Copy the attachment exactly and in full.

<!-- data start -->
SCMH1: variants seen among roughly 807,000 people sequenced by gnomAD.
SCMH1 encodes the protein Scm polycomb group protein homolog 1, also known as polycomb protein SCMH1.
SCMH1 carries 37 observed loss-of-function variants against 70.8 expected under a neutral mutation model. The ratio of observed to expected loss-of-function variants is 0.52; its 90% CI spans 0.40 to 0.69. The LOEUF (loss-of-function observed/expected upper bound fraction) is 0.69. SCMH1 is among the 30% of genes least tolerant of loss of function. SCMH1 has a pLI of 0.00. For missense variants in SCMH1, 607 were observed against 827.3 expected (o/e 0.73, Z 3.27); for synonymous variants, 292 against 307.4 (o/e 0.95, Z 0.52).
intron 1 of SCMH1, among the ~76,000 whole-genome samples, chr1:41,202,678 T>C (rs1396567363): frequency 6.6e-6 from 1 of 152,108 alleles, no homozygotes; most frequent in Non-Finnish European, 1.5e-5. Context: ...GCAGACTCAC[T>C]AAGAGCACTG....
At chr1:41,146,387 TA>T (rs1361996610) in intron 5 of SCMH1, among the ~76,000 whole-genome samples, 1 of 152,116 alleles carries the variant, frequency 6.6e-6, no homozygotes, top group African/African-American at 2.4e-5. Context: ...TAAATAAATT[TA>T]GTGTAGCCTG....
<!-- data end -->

SCMH1: variants seen among roughly 807,000 people sequenced by gnomAD.
SCMH1 encodes the protein Scm polycomb group protein homolog 1, also known as polycomb protein SCMH1.
SCMH1 carries 37 observed loss-of-function variants against 70.8 expected under a neutral mutation model. The ratio of observed to expected loss-of-function variants is 0.52; its 90% CI spans 0.40 to 0.69. The LOEUF (loss-of-function observed/expected upper bound fraction) is 0.69. SCMH1 is among the 30% of genes least tolerant of loss of function. SCMH1 has a pLI of 0.00. For missense variants in SCMH1, 607 were observed against 827.3 expected (o/e 0.73, Z 3.27); for synonymous variants, 292 against 307.4 (o/e 0.95, Z 0.52).
intron 1 of SCMH1, among the ~76,000 whole-genome samples, chr1:41,202,678 T>C (rs1396567363): frequency 6.6e-6 from 1 of 152,108 alleles, no homozygotes; most frequent in Non-Finnish European, 1.5e-5. Context: ...GCAGACTCAC[T>C]AAGAGCACTG....
At chr1:41,146,387 TA>T (rs1361996610) in intron 5 of SCMH1, among the ~76,000 whole-genome samples, 1 of 152,116 alleles carries the variant, frequency 6.6e-6, no homozygotes, top group African/African-American at 2.4e-5. Context: ...TAAATAAATT[TA>T]GTGTAGCCTG....